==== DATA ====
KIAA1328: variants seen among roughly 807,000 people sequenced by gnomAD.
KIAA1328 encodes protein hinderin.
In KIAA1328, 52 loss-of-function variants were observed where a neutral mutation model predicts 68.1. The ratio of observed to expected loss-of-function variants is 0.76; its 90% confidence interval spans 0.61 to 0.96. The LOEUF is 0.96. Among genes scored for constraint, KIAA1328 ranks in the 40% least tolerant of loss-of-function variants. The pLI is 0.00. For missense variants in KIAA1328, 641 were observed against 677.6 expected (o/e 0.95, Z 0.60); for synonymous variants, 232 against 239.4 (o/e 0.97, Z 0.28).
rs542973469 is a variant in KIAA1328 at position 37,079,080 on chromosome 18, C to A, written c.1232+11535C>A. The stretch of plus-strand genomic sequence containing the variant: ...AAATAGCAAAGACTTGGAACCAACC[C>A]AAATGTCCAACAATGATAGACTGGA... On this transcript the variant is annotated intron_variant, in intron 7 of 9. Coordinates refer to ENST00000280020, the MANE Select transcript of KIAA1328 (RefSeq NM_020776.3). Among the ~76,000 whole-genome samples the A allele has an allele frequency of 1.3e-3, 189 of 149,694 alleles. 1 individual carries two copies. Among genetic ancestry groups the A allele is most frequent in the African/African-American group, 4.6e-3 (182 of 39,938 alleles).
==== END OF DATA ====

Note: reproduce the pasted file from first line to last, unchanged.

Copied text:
KIAA1328: variants seen among roughly 807,000 people sequenced by gnomAD.
KIAA1328 encodes protein hinderin.
In KIAA1328, 52 loss-of-function variants were observed where a neutral mutation model predicts 68.1. The ratio of observed to expected loss-of-function variants is 0.76; its 90% confidence interval spans 0.61 to 0.96. The LOEUF is 0.96. Among genes scored for constraint, KIAA1328 ranks in the 40% least tolerant of loss-of-function variants. The pLI is 0.00. For missense variants in KIAA1328, 641 were observed against 677.6 expected (o/e 0.95, Z 0.60); for synonymous variants, 232 against 239.4 (o/e 0.97, Z 0.28).
rs542973469 is a variant in KIAA1328 at position 37,079,080 on chromosome 18, C to A, written c.1232+11535C>A. The stretch of plus-strand genomic sequence containing the variant: ...AAATAGCAAAGACTTGGAACCAACC[C>A]AAATGTCCAACAATGATAGACTGGA... On this transcript the variant is annotated intron_variant, in intron 7 of 9. Coordinates refer to ENST00000280020, the MANE Select transcript of KIAA1328 (RefSeq NM_020776.3). Among the ~76,000 whole-genome samples the A allele has an allele frequency of 1.3e-3, 189 of 149,694 alleles. 1 individual carries two copies. Among genetic ancestry groups the A allele is most frequent in the African/African-American group, 4.6e-3 (182 of 39,938 alleles).